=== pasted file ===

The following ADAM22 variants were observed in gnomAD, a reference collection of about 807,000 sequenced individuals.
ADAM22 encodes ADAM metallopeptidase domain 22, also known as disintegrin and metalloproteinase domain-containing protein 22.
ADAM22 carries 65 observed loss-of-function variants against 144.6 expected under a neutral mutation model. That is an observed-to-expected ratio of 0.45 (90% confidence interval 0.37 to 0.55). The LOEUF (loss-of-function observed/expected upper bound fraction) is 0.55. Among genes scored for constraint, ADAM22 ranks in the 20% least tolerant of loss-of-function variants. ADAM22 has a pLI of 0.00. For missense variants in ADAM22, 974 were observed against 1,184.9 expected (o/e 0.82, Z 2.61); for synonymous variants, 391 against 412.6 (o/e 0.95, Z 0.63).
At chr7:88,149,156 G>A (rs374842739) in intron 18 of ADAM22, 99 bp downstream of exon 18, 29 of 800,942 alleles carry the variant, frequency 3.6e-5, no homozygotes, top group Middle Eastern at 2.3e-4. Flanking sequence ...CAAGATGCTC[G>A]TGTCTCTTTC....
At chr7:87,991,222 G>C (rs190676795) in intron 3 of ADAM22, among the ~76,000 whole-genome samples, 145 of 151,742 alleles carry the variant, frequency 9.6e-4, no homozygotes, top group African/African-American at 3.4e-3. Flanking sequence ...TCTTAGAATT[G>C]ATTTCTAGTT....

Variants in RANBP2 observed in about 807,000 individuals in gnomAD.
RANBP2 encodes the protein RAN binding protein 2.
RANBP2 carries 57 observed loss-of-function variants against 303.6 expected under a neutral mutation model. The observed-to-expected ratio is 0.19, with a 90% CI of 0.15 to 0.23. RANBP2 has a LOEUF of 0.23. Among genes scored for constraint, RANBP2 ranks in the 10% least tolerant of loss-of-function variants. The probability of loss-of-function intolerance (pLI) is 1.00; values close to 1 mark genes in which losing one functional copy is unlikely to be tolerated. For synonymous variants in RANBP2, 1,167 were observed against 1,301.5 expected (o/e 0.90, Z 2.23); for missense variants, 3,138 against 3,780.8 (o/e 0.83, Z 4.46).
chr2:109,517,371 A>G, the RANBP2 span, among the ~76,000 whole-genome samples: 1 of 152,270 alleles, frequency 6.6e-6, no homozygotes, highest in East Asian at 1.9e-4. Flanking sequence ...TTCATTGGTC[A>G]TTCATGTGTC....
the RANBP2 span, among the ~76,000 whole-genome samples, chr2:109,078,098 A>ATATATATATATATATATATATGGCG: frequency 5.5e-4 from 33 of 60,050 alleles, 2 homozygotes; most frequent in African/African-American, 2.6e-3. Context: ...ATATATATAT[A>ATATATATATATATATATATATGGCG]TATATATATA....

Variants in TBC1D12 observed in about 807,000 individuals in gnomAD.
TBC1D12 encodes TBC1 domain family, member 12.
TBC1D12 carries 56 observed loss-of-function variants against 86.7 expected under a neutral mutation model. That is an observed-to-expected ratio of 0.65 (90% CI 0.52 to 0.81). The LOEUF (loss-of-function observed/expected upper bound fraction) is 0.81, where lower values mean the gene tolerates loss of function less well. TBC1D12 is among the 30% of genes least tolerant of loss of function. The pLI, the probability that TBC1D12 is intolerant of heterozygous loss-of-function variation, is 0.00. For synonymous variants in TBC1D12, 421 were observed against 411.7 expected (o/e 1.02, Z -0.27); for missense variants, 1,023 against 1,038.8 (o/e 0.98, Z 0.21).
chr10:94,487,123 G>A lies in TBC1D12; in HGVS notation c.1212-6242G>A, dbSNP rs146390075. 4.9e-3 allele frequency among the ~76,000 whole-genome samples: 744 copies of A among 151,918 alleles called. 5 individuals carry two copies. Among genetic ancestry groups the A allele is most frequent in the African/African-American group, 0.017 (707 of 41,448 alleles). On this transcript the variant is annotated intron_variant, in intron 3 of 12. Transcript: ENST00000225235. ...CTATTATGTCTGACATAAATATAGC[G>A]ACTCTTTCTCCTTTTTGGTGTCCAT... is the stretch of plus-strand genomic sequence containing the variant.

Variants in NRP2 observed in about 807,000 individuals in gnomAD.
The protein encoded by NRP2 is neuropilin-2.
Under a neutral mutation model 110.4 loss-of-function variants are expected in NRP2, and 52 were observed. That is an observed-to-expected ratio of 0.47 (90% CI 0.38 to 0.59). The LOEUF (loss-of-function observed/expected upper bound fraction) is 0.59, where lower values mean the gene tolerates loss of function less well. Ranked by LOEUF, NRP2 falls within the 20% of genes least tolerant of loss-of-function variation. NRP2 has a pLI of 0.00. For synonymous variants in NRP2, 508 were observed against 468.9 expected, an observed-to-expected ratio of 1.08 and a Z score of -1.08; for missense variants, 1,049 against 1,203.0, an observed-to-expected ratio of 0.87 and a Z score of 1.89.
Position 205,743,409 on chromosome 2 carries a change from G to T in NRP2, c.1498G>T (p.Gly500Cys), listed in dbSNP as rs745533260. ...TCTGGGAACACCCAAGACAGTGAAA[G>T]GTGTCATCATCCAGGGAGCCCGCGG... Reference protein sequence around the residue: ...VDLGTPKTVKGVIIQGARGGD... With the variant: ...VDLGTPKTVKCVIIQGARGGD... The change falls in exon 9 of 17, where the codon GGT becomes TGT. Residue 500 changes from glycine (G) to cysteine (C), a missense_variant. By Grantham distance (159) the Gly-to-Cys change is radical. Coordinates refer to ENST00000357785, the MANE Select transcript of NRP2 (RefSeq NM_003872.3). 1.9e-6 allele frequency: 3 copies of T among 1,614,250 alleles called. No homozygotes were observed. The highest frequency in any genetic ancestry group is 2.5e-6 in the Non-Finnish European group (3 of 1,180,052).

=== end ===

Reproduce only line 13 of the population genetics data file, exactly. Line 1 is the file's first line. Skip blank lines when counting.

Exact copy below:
TBC1D12 carries 56 observed loss-of-function variants against 86.7 expected under a neutral mutation model. That is an observed-to-expected ratio of 0.65 (90% CI 0.52 to 0.81). The LOEUF (loss-of-function observed/expected upper bound fraction) is 0.81, where lower values mean the gene tolerates loss of function less well. TBC1D12 is among the 30% of genes least tolerant of loss of function. The pLI, the probability that TBC1D12 is intolerant of heterozygous loss-of-function variation, is 0.00. For synonymous variants in TBC1D12, 421 were observed against 411.7 expected (o/e 1.02, Z -0.27); for missense variants, 1,023 against 1,038.8 (o/e 0.98, Z 0.21).